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Azure Functions: Overview and Common Use Cases


By RevDeBug

Azure Functions was designed as serverless architecture that allows the application development process to be quick, painless and less costly. 

Traditionally, application development required complex IT infrastructure which made for a slightly complicated, expensive and time-consuming affair.

In this article, we’re going to explain what Azure Functions is, how it works and what you canand cannotuse it for.

What is Azure Functions?

Azure Functions (from Microsoft Azure) is a cloud-based serverless service that allows running event-triggered code in a scalable way without providing or managing infrastructure. It enables the capability to run a script or piece of code in response to a variety of events and doesn’t need to run continuously.

They can be written in several languages, including C#, F#, Java, JavaScript, Python, TypeScript, and even PowerShell. They’re also scalable, and when the demand for code execution increases, the necessary resources are automatically allocated for the request. Any leftover resources that responded to the server requests are also automatically disposed of.

For example, let’s say you’re a web developer. You want to send out emails or notifications to customers after specific steps, for instance Packed or Sent for delivery, are completed in an ecommerce order. Instead of building an entire system with your own infrastructure, you can simply use Azure Functions.

All you need to do is just write your code for the specified actions and deploy it to Azure cloud. Azure Functions will run only when triggered by your ecommerce system, automatically scaling to current needs, for instance on a Black Friday. You will be charged for the number of invocations and the time of their execution only. That means you only pay when you process your orders. On top of that, you don’t need to anticipate the traffic that could be generated by the next promotion and pay for servers that won’t be used in their whole capacity most of the time.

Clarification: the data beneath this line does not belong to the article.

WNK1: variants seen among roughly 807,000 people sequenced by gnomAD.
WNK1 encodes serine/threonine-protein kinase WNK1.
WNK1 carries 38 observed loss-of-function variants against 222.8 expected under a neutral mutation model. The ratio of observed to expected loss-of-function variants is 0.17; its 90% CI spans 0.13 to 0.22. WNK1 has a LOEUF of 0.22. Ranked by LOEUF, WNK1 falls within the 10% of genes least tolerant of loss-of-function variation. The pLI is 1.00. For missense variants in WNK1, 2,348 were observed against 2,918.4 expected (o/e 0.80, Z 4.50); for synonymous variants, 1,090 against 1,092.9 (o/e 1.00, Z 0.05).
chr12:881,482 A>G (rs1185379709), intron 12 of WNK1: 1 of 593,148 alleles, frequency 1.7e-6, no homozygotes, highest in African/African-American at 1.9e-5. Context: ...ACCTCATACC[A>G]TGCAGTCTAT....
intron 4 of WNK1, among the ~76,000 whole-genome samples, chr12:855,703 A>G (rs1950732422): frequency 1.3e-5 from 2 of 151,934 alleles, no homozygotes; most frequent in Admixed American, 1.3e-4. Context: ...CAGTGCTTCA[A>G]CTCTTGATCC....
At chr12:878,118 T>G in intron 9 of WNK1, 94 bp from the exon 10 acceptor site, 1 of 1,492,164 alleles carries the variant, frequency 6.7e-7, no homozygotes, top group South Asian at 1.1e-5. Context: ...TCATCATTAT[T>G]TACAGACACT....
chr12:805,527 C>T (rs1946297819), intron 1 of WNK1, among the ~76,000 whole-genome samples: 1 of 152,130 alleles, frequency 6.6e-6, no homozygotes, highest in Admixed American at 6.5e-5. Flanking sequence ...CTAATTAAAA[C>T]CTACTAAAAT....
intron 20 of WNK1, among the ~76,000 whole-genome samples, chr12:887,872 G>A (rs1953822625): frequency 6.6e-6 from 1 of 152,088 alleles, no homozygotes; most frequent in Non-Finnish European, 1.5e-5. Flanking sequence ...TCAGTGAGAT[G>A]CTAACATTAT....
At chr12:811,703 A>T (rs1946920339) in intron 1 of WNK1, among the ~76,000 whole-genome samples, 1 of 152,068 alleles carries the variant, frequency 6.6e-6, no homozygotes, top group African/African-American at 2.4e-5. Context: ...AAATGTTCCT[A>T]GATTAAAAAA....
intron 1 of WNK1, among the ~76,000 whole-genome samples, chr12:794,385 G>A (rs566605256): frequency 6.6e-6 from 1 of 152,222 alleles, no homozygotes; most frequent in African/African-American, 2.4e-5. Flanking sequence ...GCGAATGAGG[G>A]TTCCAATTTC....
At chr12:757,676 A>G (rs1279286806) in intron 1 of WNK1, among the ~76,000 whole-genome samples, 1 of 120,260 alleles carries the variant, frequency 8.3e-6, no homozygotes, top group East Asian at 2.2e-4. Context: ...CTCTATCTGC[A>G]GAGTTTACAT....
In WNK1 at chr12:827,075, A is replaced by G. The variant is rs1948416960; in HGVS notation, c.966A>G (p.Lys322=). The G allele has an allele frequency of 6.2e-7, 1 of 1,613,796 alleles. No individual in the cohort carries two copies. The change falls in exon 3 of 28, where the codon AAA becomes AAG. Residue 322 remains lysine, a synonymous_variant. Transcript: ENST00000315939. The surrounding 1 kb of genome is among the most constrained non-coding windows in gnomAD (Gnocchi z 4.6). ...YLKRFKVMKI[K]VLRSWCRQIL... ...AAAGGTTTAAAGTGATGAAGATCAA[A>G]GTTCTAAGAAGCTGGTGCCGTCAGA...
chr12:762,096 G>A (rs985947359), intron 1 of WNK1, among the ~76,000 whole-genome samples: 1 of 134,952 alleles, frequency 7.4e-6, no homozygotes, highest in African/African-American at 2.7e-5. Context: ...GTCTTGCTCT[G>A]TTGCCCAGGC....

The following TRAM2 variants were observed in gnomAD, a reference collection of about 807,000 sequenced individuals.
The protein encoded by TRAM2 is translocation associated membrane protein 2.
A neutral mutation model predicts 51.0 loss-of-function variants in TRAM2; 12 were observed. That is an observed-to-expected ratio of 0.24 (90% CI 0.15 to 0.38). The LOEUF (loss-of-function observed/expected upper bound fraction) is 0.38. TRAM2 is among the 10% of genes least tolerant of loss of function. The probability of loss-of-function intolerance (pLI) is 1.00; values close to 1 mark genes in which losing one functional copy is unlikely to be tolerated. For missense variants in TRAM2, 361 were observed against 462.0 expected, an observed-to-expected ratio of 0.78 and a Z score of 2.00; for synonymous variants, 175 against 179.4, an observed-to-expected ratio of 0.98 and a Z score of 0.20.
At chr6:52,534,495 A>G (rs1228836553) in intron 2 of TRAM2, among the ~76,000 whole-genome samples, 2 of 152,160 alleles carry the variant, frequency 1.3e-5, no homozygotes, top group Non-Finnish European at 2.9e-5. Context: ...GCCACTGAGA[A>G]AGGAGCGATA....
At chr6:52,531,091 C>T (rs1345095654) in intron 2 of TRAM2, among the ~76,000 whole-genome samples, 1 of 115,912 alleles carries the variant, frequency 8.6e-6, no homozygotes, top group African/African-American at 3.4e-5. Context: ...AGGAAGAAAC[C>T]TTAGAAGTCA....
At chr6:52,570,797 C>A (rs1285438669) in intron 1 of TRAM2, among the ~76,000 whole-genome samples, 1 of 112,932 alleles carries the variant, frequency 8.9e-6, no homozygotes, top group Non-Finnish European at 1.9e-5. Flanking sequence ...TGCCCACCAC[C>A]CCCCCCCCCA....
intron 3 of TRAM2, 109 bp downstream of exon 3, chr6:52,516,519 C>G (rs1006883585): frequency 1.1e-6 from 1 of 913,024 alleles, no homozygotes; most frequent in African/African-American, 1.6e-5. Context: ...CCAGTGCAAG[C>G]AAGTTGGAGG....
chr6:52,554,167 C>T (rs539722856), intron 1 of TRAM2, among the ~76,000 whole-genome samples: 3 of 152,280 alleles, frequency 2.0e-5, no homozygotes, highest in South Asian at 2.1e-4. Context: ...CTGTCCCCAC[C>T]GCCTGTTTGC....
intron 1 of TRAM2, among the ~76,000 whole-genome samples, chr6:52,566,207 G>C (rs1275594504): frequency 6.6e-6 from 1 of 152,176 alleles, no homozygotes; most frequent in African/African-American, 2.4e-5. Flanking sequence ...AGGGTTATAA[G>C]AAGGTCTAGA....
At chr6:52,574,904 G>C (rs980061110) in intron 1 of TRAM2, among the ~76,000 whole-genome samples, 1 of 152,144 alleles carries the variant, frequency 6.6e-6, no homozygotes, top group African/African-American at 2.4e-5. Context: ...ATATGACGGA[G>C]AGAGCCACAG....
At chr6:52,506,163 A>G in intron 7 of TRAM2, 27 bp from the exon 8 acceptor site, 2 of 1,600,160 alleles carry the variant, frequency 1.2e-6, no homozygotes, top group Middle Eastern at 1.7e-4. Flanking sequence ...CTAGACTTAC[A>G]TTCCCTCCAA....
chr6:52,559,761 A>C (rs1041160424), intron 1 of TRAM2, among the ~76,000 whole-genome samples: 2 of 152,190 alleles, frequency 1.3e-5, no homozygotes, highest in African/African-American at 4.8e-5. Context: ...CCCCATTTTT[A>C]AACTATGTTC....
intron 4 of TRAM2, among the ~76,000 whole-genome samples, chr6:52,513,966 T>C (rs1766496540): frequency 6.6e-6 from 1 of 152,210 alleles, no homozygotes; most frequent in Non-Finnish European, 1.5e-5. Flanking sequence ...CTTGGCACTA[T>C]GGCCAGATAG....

Some of the most common use cases include sending emails, starting a backup, file processing, report generating, order processing, and scheduling tasks such as notifications, messages, database cleanup, and IoT data processing. But, we’ll get to that later.

Generally speaking, Azure Functions is better suited for the parts of your app that can be executed as separate processes, often run multiple times in parallel, and are triggered by specific events that could require rapid scaling from time to time.

When should you use Azure Functions?

Azure Functions is a lightweight serverless service. It has its own specific uses, and you can’t just replace an entire website simply by using it. 

The most common use cases of Azure Functions include:

  • Reminders and notifications
  • Scheduled tasks and messages
  • File processing
  • Data or data streams processing
  • Running background backup tasks
  • Computing backend calculations
  • Lightweight Web APIs, proofs of concept, MVPs

Importantly, not all applications can or should use Azure Functions as it’s a service that uses triggers. Once an event has been triggered, the task is executed in the background.

It’s worth keeping in mind that Azure Functions is not a replacement for Web APIs. Web applications tend to use Web APIs as the middleman to bunch together data and business logic tasks, while Azure Functions receives input, runs its logic and provides output. Nevertheless, it could be a great extension for Web APIs for specific use cases.

Importantly, Azure Functions is not designed to carry out multiple tasks. The service was created to perform one or very few tasks as fast as possible. 

Azure Functions is not recommended for infrequent, time-sensitive or long and computationally intensive tasks. Since Azure Functions is a compute-on-demand service, attempting to replace any APIs with multiple Azure functions could result in severely increased costs in terms of development, maintenance and computations.

To sum up, Azure Functions was designed to accelerate the application development process. With serverless architecture, you can quit worrying about the infrastructure challenges and focus on creating code but, of course, bearing in mind its costs and limitations.

If you’d like to find out how to start using Azure Functions and set up comprehensive monitoring, watch the video below in which our colleagues explain the basics. 

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